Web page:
As applied to embossed media, when an application requires printed indicia in combination with holographic indicia, a web of existing metallized holographic material is overprinted on the viewing side, opposite to the microtexture and metallization. This is typically performed by the end user who has purchased holographic material without any printing on it. Frequently, this occurs after the holographic material is applied to product packaging. It would be beneficial, therefore, if an end user could obtain a holographic web from the manufacturer which already incorporated any desired printing, as this would eliminate the relatively difficult step of printing upon packaging at the end user's location.
Accordingly, the present invention provides a specific method for applying non-holographic printed indicia to an embossed, rather than cast, reflection hologram. The process yields a mixed holographic/non-holographic media which is ready for use by an end user without any subsequent priming steps.
The problems and disadvantages associated with the conventional techniques and devices utilized to produce mixed holographic and non-holographic indicia on a common substrate are overcome by the present invention which includes a material having holographic and non-holographic displayable indicia thereupon. The material has a substrate with an embossed holographic microtexture upon a surface thereof resulting in an associated visible holographic pattern. A selected non-holographic pattern is printed upon the embossed holographic microtexture at a predetermined orientation relative to the holographic pattern. A reflective coating overlies the microtexture and the printed pattern.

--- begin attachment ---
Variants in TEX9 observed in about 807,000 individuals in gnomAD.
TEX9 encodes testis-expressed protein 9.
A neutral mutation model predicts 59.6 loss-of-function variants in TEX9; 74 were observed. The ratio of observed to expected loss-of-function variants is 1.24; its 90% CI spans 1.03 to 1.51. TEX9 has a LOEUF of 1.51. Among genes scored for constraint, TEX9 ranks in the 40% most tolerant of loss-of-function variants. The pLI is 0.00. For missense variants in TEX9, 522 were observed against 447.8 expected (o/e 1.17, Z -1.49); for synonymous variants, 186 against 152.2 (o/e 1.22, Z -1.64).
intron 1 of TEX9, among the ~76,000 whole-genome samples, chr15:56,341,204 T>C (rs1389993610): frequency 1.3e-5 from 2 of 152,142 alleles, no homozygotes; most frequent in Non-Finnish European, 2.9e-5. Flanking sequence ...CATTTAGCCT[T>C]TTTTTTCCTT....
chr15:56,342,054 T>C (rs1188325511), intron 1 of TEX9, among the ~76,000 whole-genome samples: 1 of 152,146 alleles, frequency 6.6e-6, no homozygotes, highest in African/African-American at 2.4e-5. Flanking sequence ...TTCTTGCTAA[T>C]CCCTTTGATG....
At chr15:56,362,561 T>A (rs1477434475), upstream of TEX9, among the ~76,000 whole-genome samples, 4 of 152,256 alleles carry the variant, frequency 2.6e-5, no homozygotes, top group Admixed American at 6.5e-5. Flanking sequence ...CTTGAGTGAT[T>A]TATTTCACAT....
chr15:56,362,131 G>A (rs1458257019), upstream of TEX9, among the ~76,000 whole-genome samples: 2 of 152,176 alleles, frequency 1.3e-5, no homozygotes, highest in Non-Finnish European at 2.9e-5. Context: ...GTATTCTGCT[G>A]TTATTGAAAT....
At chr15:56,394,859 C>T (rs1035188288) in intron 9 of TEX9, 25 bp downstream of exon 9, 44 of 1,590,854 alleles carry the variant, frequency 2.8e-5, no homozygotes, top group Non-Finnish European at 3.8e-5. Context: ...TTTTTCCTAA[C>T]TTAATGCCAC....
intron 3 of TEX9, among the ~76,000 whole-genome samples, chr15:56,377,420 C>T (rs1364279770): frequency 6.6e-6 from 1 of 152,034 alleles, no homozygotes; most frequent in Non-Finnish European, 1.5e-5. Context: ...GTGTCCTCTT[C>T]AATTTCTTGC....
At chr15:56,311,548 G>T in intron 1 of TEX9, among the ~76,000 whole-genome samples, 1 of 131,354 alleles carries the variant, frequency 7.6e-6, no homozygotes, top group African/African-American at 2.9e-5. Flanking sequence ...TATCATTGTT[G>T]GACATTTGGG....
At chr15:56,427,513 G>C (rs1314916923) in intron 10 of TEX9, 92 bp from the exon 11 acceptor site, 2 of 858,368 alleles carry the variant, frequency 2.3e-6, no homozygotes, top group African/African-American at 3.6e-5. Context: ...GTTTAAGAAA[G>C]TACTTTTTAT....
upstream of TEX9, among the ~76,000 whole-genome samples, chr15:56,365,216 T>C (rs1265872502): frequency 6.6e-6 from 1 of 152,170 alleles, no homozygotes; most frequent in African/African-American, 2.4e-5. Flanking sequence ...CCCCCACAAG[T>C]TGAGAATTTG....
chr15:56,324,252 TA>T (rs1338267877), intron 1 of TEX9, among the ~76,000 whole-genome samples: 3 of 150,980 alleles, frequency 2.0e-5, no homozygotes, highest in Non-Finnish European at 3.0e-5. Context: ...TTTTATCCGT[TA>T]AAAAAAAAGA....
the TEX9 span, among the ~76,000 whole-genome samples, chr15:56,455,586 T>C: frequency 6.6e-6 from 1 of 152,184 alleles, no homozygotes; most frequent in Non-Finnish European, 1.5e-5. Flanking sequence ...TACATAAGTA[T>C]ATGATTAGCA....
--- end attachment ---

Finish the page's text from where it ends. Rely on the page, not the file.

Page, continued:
In an associated method, an embossed holographic microtexture upon a surface of a substrate is printed upon in a selected pattern with a printing press. The microtexture and the pattern is then coated with a reflective coating.
For a better understanding of the present invention, reference is made to the following detailed description of an exemplary embodiment considered in conjunction with the accompanying drawings, in which:
FIG. 1 is a perspective view of a card having holographic and non-holographic indicia formed in accordance with the present invention;
FIG. 2 is a cross-sectional view of the card depicted in FIG. 1 taken along section line II--II and looking in the direction of the arrows;